I hope these help you deal with your little angry birds at home! Don’t forget to comment and let me know how this is working out for you!
Happy Teaching!

UPDATE:

Click HERE to download the Angry Bird PDF pages (much easier than using the WIKI!)

Don’t Be An ANGRY BIRD: Lessons on Anger Management for Kids

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There are two major things that are prominent in our home right now: the Angry Birds game and a 4 year old learning to deal with her frustrations. Maybe it’s all the hours we have spent shooting birds at stinky little pigs, but I started to see a lot of connections between the Angry Bird game and my own little angry “chick”.  The angry faces, the lashing out at others, etc. Her anger was a big emotion for such a small child to control.
So the idea was “hatched”(pun totally intended): use the Angry Birds as a way for teaching anger management to my daughter!
And so far, I LOVE it. My daughter understands the inappropriate ways of expressing anger as well as strategies to help calm her down.

The background of this technique is simple: like most kiddos, my daughter was struggling with a few different inappropriate ways of expressing her anger. To help her understand this better, I assigned a bird to each inappropriate behavior.  Side note: It is important to explain to our kids that feeling angry is completely normal. Don’t discipline your child because they feel angry…just teach them the appropriate ways of dealing with frustration, and clearly define those behaviors that are unacceptable.

Perfect demonstration of those angry eyes!!
Let me give you a more detailed explanation of each bird:

 

The eyebrows say it all… this bird has the meanest glare in town! It is the perfect bird to model inappropriate facial expressions. Although this may seem like such a minor side effect of anger, most parents will understand when I say unruly behavior started with a certain look in a child’s eyes. And if looks could kill, well…let’s just say my sweet, SWEET Boo would be a lethal weapon! 🙂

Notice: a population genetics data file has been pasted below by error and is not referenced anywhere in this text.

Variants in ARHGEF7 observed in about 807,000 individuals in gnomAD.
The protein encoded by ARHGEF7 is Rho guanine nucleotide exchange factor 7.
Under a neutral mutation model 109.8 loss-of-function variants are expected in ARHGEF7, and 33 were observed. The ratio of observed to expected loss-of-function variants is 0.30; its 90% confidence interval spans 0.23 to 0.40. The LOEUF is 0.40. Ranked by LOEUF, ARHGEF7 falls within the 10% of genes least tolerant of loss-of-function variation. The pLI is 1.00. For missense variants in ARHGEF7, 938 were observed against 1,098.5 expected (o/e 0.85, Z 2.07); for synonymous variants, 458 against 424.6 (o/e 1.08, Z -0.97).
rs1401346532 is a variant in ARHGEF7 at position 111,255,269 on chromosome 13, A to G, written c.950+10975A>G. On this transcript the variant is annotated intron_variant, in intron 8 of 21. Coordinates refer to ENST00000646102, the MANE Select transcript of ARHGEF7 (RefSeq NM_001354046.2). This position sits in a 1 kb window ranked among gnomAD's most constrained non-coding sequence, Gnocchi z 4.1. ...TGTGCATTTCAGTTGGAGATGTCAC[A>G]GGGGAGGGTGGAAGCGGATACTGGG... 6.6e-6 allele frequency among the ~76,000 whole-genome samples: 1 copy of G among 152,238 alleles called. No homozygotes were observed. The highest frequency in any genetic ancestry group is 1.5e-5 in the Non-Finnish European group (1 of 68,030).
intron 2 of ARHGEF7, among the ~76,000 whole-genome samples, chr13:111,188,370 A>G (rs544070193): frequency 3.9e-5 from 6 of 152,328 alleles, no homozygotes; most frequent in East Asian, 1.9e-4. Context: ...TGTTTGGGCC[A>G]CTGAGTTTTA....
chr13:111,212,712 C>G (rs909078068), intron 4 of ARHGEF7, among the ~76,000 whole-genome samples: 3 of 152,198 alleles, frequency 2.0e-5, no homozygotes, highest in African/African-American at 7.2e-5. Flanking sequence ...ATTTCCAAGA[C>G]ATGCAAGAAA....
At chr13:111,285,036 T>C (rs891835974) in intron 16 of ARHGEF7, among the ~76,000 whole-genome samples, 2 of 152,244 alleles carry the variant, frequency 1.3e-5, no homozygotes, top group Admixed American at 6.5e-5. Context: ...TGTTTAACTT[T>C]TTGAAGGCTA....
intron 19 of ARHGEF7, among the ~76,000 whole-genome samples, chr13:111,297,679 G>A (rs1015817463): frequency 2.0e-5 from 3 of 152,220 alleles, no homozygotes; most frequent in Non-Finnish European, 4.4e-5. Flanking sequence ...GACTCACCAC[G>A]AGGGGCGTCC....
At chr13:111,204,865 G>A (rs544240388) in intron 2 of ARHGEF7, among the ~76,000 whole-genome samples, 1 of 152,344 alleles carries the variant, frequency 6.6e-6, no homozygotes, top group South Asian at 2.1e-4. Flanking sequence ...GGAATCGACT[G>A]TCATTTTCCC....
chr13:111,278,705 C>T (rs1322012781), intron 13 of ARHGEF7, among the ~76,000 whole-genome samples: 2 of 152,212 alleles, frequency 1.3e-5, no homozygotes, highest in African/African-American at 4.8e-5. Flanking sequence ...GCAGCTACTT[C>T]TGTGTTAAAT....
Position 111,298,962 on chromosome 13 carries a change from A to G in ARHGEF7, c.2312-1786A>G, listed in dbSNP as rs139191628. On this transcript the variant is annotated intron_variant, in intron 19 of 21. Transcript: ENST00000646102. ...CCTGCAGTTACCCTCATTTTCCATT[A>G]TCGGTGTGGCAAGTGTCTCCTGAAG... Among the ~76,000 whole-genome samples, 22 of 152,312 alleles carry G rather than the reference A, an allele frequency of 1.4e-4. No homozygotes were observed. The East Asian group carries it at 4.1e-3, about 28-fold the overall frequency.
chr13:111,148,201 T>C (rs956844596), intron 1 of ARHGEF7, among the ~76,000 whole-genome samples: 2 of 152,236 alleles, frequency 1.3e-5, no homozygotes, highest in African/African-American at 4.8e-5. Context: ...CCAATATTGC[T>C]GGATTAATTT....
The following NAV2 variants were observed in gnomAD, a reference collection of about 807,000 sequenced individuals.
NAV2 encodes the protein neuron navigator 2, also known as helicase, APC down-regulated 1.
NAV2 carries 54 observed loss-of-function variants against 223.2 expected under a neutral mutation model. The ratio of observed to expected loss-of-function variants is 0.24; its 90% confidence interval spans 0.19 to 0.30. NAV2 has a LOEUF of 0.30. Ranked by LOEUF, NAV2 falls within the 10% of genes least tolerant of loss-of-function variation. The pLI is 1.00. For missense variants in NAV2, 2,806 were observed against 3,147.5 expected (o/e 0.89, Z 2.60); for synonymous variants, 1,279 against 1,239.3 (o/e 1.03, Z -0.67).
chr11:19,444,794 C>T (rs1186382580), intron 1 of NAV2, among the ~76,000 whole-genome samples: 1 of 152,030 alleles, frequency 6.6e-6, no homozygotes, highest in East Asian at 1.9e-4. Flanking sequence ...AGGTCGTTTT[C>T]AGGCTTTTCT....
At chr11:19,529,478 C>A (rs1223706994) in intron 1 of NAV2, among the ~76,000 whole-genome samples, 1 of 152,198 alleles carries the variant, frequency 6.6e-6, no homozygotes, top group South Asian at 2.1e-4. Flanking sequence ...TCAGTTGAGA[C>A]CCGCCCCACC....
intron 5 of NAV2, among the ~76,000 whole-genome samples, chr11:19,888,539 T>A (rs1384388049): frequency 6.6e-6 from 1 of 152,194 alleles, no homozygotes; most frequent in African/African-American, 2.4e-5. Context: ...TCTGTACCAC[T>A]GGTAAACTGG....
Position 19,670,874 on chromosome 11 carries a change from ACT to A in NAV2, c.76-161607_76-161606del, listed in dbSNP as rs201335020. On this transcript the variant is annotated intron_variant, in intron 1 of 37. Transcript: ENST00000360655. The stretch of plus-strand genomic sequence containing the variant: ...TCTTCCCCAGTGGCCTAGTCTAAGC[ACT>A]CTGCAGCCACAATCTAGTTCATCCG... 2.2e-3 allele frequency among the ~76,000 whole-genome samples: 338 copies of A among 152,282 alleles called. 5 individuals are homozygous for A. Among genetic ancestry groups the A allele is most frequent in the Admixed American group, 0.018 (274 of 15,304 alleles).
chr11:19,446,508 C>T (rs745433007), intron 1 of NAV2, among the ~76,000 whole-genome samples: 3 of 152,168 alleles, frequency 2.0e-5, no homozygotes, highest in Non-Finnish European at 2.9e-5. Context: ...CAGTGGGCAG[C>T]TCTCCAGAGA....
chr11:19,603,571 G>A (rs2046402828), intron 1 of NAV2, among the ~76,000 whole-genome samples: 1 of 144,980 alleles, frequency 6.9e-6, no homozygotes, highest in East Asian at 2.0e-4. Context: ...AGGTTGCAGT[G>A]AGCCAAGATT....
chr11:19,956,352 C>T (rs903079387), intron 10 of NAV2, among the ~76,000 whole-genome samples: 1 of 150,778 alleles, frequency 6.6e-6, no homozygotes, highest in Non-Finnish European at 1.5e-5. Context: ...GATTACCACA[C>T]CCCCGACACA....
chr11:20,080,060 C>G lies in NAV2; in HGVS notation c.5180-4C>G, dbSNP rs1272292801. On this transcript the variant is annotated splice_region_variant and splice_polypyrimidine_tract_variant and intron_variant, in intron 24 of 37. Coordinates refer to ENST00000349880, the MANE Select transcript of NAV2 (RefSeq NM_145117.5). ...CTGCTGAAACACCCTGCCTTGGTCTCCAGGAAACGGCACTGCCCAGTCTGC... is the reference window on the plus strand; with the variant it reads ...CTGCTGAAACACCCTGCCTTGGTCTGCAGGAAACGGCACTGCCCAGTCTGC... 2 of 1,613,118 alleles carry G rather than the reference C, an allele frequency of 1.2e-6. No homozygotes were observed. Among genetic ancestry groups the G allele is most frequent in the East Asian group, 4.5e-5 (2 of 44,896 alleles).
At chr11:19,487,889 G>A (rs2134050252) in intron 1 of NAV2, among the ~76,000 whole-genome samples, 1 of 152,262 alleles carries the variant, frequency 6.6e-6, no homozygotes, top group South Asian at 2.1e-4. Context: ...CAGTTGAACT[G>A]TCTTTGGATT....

Just like this bird cuts through wood in the game, our mean words can cut through people’s hearts. The old saying “Sticks and stones will break my bones, but words will never hurt me” is thrown out the window (in my opinion). We should speak to others the way we would want to be spoken to… tone of voice included. Yelling and screaming might not cut through my heart, but it definitely cuts through my ears! 🙂

 

 

 

Keep objects to yourself…throwing toys (or in the bird’s case- bombs) is not an appropriate way of expressing your anger! Not only can your hurt somebody else physically- you are not showing respect to your property.

 

 

 

Sometimes anger can build and build inside of us until we just EXPLODE…just like the bomb bird. It is also known as the kicking, pounding on the floor, wailing, gnashing of teeth behavior that we refer to as a tantrum. Our kids need to learn that when they are angry, it is inappropriae to let their body explode.

 

 

Once I had created these birds, I explained their angry behaviors to my daughter. We talked about better ways to deal with our frustrations (We don’t want to be like an angry bird!) When she gets upset now, she can tell me which angry bird(s) she was acting like- which I like because she can recognize the inappropriate behavior.

Boo learning about the angry birds

Here are some of the APPROPRIATE strategies I taught my daughter to help her deal with anger. Teach your child the different strategies, and let them decide which work best for her.

  • Go to the BIRDS NEST (aka bedroom or quiet place) until our body feels calm.

  • Breathe, breathe, breathe!  Deep breathing will deliver oxygen to our heart, brain, and the rest of our body. It will relax our bodies so we in turn can relax our mood. To illustrate this techinique- have your child take long, deep breaths to fill their lungs up like the orange balloon bird. Then slowly breath our the air, and repeat as needed. We call this the BALLOON BIRD BREATHING.

  • STOP and THINK. Think about the other person’s feelings and the consequences of inappropriately expressing your anger. OK, what 4 year old is going to understand that jargon, right? Have them think of the boomerang bird. Teach your kiddo that their choices will come back and affect them- just like that bird comes back. For example, if your child chooses to say mean things when she is angry, her friend might not want to play with her again. Her choice is coming back to her. Is that what she really wants? Another phrase I hear parents say to an angry child “How would you feel if someone said or did mean things to you?” Children need to understand that there are consequences for their behavior.  I know this is still a difficult concept for little ones to grasp, but teach and model as best as you can. You may choose to focus on the BIRDS NEST and BALLOON BIRD BREATHING techniques at first.